Use a remote release or old fashioned cable release when shooting sensitive macros. Otherwise your contact with the camera shutter release button can impart vibrations. Lacking a remote release, use the self timer. Many cameras have a 2-second option in addition to the traditional 10-second delay. The 2-second option is provided specifically for the purpose of replacing the remote release.
6. Slow Down And Compose!
If you’ve ever used a view camera, you understand this concept. Using a tripod is inherently slower than randomly pointing and clicking a camera; it’s not so slow as to be debilitating, but slow enough to make you chill and take your time.
When shooting a non-moving subject, use a three-legged friend and take extra seconds to compose, and extra seconds to judge the bright and dark areas of the scene. Preview built-in special effects, if that’s your thing. Preview several film simulations if you’re a Fujifilm shooter. Tweak the composition. In short, slow down and build the image bit by bit.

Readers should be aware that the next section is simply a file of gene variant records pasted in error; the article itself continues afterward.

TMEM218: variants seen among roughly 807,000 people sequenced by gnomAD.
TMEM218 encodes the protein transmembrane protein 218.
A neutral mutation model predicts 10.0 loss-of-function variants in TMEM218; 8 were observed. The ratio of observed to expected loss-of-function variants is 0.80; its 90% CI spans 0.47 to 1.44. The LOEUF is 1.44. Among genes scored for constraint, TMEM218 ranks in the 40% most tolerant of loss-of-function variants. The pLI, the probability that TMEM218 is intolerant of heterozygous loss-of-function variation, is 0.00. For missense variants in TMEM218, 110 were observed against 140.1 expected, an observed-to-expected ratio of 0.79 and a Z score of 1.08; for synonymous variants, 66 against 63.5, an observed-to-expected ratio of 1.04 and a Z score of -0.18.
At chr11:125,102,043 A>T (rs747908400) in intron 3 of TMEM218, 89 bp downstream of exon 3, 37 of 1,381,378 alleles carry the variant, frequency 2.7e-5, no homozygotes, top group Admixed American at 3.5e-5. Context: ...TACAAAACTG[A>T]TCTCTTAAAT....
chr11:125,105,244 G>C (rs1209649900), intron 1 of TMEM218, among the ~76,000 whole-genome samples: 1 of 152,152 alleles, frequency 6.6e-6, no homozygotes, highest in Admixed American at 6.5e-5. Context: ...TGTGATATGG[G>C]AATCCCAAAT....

Photo by Shifaaz Shamoon on Unsplash
7. Video On Demand
Almost every advanced digital camera has some sort of video capability, certain Leica models being the notable exceptions. Often, switching from still photography to video is as simple as pressing one button, or sliding one switch. That said, video shot without a tripod or gimbal device can be a pain to watch—literally. As the old saying goes, “Anybody can shoot a video but can anybody watch it?”
When you shoot video, do everyone a favor and use a tripod. If you’re shooting a scene that may include stills and video, use a tripod so you can shift seamlessly into video operation without jiggles.
If you want better pictures and more photographic options, use a tripod. Ideally you should have three: one for your studio, one for travel and one for the trunk of your car.
I forgot to mention smartphone photography. Many current tripods accommodate cellphones directly or via an adapter. And there are specially-made selfie sticks and combination tripod-plus-selfie stick contraptions that help improve smartphone videography and photography. Here’s one final shameless plug for a story we wrote a couple years back: The 5 Best Selfie Sticks & Smartphone Camera Tripods.